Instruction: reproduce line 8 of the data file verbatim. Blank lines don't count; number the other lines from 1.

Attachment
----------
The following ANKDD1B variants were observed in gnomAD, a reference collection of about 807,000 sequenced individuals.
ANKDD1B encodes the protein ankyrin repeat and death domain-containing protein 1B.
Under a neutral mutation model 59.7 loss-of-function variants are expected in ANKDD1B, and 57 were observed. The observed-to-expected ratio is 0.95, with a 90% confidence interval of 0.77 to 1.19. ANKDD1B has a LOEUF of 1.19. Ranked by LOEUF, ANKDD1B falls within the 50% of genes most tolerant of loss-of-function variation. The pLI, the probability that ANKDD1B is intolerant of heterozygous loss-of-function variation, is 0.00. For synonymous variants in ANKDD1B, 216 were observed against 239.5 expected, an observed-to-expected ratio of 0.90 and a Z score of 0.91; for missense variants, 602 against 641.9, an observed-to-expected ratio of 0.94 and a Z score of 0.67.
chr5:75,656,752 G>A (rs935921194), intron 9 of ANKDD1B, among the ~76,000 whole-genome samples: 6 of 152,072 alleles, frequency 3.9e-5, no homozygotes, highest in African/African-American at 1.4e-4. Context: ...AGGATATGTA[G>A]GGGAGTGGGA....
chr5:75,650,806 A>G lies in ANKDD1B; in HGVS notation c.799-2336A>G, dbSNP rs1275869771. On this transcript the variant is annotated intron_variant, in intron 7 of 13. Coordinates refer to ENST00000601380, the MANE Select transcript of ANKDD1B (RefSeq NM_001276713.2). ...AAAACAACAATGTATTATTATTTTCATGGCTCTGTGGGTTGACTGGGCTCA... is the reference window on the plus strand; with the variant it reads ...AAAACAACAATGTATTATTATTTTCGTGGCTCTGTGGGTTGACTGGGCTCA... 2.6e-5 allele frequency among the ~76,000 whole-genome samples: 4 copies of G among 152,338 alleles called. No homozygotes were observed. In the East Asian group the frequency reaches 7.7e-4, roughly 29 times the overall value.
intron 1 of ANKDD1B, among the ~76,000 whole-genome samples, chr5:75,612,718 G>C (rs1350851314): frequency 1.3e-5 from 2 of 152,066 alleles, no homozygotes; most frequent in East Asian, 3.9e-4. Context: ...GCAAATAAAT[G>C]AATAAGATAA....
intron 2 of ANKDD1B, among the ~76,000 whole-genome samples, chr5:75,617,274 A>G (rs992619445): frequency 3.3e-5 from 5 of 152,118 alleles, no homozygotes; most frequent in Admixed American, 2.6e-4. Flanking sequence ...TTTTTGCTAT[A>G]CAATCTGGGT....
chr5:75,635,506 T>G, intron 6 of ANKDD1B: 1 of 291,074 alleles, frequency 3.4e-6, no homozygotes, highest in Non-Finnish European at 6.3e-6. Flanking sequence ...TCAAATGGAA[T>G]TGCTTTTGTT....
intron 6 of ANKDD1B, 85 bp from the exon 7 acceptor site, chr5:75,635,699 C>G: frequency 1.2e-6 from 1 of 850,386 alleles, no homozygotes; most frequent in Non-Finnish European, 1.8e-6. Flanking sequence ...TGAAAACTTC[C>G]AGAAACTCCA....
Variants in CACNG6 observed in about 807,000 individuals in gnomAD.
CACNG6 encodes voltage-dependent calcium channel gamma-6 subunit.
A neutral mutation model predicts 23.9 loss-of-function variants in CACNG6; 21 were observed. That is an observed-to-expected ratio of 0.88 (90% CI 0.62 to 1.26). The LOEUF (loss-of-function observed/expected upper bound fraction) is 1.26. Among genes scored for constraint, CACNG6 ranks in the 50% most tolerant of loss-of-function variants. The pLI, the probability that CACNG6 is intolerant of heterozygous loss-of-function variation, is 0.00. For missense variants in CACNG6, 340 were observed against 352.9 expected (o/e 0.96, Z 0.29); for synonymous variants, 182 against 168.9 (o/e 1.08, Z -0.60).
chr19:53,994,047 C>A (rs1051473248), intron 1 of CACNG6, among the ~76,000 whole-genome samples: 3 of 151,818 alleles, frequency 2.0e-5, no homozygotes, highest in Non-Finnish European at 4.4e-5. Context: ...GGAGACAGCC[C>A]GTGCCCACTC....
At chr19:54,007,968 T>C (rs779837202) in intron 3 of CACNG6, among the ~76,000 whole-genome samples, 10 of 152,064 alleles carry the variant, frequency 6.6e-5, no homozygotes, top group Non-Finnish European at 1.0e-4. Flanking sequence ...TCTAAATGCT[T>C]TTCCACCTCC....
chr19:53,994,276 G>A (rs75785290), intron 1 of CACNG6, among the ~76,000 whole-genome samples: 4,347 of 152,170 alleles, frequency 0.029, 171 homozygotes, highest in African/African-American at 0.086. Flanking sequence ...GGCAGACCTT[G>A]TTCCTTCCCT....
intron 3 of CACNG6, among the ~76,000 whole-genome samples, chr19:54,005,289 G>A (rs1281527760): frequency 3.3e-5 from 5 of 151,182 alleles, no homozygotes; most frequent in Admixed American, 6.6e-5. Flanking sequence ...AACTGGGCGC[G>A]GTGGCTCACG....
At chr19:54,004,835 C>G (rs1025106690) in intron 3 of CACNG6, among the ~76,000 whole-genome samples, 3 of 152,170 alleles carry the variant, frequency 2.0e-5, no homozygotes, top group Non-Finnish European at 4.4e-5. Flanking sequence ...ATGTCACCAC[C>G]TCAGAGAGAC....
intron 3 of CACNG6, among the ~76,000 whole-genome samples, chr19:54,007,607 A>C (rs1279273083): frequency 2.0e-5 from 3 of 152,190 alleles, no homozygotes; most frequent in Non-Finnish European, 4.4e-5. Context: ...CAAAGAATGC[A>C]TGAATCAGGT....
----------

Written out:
chr5:75,635,506 T>G, intron 6 of ANKDD1B: 1 of 291,074 alleles, frequency 3.4e-6, no homozygotes, highest in Non-Finnish European at 6.3e-6. Flanking sequence ...TCAAATGGAA[T>G]TGCTTTTGTT....